But concerning the resurrection of the dead, have you not read what was spoken to you by God, saying, ‘I am the God of Abraham, the God of Isaac, and the God of Jacob’? God is not the God of the dead, but of the living.” (Mt 22:31–32)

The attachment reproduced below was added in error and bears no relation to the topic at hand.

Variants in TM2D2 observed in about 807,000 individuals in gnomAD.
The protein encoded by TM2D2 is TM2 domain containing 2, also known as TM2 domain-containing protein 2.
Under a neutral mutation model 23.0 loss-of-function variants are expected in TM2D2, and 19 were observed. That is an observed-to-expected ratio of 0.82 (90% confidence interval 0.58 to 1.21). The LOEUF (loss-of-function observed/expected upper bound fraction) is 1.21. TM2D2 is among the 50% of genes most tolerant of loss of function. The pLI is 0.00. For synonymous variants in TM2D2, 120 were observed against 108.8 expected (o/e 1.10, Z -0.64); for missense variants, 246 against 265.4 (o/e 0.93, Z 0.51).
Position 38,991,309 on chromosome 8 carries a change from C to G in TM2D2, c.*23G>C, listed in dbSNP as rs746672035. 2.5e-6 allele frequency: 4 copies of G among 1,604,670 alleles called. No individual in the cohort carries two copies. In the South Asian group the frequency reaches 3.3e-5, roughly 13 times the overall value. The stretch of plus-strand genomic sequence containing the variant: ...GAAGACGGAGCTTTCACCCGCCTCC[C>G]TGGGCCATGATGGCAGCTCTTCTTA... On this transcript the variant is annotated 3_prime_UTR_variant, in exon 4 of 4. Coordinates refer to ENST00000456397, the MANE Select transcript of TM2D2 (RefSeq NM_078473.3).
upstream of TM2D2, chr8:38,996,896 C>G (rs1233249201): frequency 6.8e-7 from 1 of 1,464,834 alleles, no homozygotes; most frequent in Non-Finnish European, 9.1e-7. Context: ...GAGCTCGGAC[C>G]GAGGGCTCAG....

Notice the language here. Jesus says that what the Sadducees had read was “spoken” to them. The Greek word λέγοντος which underlies “spoken” here, comes from the root word λέγο, which means “I say” or “I speak”. Thus, here we have an example of something that God said to Moses, but Jesus is claiming that he also is saying it to the Sadducees more that 1000 years later after He had uttered the words. How can this be? It is because all scripture is God’s speech to men. Whenever you pick up and read your Bible you are seeing God’s words to you, just like Jesus told the Sadducees. Therefore, take heed of what you read, and do not disregard it lightly lest God find you guilty of having ignored His word to you on the Day of Judgement.